Effect of Physical Exercise Program on Outcomes and Level of Depression
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|ClinicalTrials.gov Identifier: NCT01696201|
Recruitment Status : Unknown
Verified September 2012 by María Perales Santaella, Technical University of Madrid.
Recruitment status was: Recruiting
First Posted : September 28, 2012
Last Update Posted : November 14, 2014
Due to physical and physiological changes that occur in pregnant women, depression is very common during this period. Recent research findings indicate that antenatal maternal mood state impacts on babies health. Nowadays, many researchers are focussed on examining the effects of physical exercise on foetal and maternal outcomes.
The main aim of this study was to assess the effectiveness of a supervised exercise program consisted of 25-30 minutes of cardiovascular exercise,10 minutes of specific exercises (strength and balance exercises), and 10 minutes of pelvis floor muscles training, on the prevention and treatment of depression in pregnant women. Additionally, the other purpose of the study was to analyze the effects of depression and physical exercise on outcomes.
Hypothesis: Pregnant women who do regular exercise during their pregnancies would have a better mood state than pregnant women who are sedentary, without having any negative effect on outcomes.
|Condition or disease||Intervention/treatment||Phase|
|Pregnancy||Behavioral: Exercise group||Not Applicable|
BACKROUND: Recent studies have estimated the prevalence of depression during pregnancy at between 10% and 30%. This state can produce negative effects on the fetus as:
- Affect cerebral development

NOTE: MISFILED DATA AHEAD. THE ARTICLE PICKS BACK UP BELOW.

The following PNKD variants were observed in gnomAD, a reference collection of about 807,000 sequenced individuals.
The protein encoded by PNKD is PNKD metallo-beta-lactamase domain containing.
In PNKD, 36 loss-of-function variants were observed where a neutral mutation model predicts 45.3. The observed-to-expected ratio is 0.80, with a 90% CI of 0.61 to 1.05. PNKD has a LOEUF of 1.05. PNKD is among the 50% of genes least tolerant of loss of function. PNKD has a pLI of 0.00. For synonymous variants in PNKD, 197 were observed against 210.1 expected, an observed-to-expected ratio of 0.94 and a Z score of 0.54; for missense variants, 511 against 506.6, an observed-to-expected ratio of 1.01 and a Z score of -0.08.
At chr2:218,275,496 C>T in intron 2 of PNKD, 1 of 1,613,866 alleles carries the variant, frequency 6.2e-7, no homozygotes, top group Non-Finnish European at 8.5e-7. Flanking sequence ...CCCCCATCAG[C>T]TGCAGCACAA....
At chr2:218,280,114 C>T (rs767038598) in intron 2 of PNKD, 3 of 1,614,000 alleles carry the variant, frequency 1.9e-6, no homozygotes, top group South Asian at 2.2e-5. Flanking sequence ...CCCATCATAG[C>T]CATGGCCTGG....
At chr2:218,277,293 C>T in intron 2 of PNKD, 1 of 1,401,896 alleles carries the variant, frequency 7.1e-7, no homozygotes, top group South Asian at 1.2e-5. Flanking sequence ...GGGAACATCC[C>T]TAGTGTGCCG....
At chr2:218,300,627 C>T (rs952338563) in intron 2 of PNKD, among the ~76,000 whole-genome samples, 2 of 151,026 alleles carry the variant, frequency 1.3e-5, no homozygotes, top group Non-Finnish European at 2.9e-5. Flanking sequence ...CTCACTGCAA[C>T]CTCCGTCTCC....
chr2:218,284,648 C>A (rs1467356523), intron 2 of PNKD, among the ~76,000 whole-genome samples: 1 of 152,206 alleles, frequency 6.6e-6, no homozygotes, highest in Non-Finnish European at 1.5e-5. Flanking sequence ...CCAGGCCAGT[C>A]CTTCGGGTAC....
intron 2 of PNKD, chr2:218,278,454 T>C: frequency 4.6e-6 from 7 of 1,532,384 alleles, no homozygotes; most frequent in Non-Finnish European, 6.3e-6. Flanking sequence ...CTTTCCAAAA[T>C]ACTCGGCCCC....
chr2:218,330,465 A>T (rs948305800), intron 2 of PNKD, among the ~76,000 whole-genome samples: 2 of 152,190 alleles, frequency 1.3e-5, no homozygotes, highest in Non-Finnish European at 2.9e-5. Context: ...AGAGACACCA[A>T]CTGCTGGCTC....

- Increase the risk of preterm birth and low birth weight
- Increase the risk of childhood overweight problems
- Adverse impact on the cognitive, emotional, social, and behavioural development of infants
Due to the possible side effect of antidepressants on mother and fetus, its necessary to examine alternative solutions to this state.
|Study Type :||Interventional (Clinical Trial)|
|Estimated Enrollment :||160 participants|
|Intervention Model:||Parallel Assignment|
|Masking:||None (Open Label)|
|Primary Purpose:||Health Services Research|
|Official Title:||Effect of a Supervised Exercise Program During Whole Pregnancy on Outcomes and Level of Depression. A Randomized Controlled Trial|
|Study Start Date :||October 2009|
|Actual Primary Completion Date :||May 2013|
|Estimated Study Completion Date :||June 2015|
No Intervention: Control group
Sedentary pregnant women
Experimental: Exercise group
Behavioral: Exercise group
Supervised physical conditioning program of three 55—60 minute sessions per week during whole pregnancy (from week 9 to 38). Each session consists of 25-30 minutes of cardiovascular exercise,10 minutes of specific exercises (strength and balance exercises), and 10 minutes of pelvic floor muscles training.
Aerobic activity was prescribed at light to moderate intensity, aiming for 55-60 of maximal heart rate. All subjects wore a heart rate (HR) monitor (Polar FT7) during the training sessions to ensure that exercise intensity was light to moderate.
- Change from level of depression at the end of the pregnancy [ Time Frame: Up to 36 weeks ]The Center for Epidemiological Studies-Depression scale (CES-D) was administered to all pregnant women at the beginning and at the end of their pregnancies
- Maternal outcome [ Time Frame: Time spending in each stages of labor ]Time of stages of labor (min)
- Fetal outcome [ Time Frame: 1-5 minutes after labor ]Apgar score
- Maternal outcome [ Time Frame: Between 12 and 38 weeks ]Constipation (yes/not)
To learn more about this study, you or your doctor may contact the study research staff using the contact information provided by the sponsor.
Please refer to this study by its ClinicalTrials.gov identifier (NCT number): NCT01696201
|Contact: Maria Perales, PhD email@example.com|
|Contact: Ruben Barakat, PhDfirstname.lastname@example.org|
|Universidad Politecnica de Madrid||Recruiting|
|Madrid, Spain, 28040|
|Contact: Maria Perales, PhD student 913364081 email@example.com|
|Study Director:||Ruben Barakat, PhD||Universidad Politecnica de Madrid|